The game starts with 3 cottages, “Un-Burninated” of course, 3 Peasants, 3 Knights and 1 Archer on the board. The first player draws an action card, and takes their turn – at the end of their turn it is their job to take the turn for the peasants, knights and archer by drawing a movement card which dictates what they’ll all do. The Knights and Archers can damage Trogdor, and in some cases repair “Burninated” things, while the peasants can be eaten to replenish health or, hilariously, can be “Burninated” where you must place a “Flame Helmet” upon the Meeple’s head, and watch as the peasant runs in terror, setting everything in their path ablaze before dying a firey death.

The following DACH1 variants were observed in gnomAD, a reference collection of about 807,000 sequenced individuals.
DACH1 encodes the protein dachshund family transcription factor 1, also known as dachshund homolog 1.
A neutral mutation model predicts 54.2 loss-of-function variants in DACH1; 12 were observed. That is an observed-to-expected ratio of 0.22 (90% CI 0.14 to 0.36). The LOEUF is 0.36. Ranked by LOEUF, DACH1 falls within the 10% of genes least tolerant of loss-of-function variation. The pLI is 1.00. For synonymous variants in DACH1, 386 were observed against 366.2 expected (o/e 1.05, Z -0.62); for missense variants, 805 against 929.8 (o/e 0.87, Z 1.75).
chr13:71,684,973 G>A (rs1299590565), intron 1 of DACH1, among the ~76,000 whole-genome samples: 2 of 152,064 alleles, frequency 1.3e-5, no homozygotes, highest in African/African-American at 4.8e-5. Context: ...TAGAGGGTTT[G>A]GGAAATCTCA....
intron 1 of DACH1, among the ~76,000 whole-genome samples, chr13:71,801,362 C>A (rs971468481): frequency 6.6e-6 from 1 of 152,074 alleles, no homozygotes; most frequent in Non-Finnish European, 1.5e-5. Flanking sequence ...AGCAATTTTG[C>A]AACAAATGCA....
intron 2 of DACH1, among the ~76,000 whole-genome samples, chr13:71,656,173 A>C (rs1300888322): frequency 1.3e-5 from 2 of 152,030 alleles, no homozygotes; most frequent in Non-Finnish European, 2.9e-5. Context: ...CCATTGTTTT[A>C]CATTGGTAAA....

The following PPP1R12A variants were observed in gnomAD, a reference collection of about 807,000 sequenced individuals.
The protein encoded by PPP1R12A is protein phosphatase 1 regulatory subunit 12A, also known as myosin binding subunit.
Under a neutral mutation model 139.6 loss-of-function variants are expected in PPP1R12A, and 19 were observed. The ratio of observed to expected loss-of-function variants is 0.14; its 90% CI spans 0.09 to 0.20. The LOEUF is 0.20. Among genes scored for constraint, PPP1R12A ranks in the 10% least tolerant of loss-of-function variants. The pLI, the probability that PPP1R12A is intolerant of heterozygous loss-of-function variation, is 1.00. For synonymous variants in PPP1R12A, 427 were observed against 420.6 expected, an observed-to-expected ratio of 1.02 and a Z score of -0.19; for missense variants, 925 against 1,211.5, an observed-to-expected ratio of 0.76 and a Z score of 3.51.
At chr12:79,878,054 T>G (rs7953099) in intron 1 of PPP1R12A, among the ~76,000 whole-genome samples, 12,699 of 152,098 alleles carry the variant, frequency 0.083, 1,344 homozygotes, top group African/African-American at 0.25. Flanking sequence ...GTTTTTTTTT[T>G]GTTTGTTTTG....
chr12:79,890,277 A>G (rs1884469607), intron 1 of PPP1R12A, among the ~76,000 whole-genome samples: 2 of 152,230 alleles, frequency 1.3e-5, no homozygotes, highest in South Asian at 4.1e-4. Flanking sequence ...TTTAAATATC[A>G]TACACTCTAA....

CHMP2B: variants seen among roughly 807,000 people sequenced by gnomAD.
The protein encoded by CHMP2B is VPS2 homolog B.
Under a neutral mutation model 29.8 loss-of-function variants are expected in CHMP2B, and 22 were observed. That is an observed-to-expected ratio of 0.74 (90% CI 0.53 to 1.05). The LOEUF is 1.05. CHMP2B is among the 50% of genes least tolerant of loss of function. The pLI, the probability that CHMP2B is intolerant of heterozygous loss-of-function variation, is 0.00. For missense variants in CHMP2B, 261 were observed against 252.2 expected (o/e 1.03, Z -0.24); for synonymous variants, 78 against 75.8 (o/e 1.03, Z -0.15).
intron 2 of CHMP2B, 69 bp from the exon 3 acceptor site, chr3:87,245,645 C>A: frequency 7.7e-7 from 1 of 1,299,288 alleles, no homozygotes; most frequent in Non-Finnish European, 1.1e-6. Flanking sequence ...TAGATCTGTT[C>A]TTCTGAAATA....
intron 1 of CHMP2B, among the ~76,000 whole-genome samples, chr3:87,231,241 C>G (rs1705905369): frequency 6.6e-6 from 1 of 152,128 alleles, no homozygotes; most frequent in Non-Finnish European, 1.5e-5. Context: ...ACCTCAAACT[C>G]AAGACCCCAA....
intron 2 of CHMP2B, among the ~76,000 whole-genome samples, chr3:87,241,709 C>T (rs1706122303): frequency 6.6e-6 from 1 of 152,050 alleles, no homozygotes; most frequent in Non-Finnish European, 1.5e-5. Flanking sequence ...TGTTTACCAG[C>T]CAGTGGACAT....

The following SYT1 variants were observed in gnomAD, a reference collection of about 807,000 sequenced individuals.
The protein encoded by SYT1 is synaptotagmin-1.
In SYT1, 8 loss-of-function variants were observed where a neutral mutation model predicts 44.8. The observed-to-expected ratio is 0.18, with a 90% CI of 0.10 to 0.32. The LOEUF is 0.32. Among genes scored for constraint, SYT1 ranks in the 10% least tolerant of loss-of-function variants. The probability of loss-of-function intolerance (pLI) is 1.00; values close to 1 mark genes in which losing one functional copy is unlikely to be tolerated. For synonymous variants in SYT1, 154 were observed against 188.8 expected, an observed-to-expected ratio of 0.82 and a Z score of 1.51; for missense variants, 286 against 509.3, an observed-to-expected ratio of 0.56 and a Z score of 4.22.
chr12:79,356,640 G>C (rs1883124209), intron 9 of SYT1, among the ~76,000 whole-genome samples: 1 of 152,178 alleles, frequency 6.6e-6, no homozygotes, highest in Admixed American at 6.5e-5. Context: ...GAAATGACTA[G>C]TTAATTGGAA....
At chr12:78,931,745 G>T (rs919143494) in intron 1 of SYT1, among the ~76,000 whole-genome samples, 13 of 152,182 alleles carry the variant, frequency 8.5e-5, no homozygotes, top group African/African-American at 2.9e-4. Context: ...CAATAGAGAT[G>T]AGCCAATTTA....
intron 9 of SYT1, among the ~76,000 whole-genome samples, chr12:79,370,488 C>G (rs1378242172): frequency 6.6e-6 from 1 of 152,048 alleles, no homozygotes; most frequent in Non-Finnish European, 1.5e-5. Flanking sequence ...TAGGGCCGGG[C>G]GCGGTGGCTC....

One of my favourite things about the game, which might sound stupid, is just how very Homestar Runner/Strongbad’s Email it all is – the rule book, the text on the cards, the lot just make me crease up chuckling and recalling those carefree university days. This is also translated fantastically to the marketting, Kickstarter Campaign as well as some of the useful bits and bobs that they have put out to help and/or improve gameplay.
There are a selection of YouTube videos on the Homestar Runner channel which tell you about the game and how to play it. SA well as, another blast from the past, a full web-based soundboard with everything from soundeffects to use while playing, to background music, to songs on how to play the game.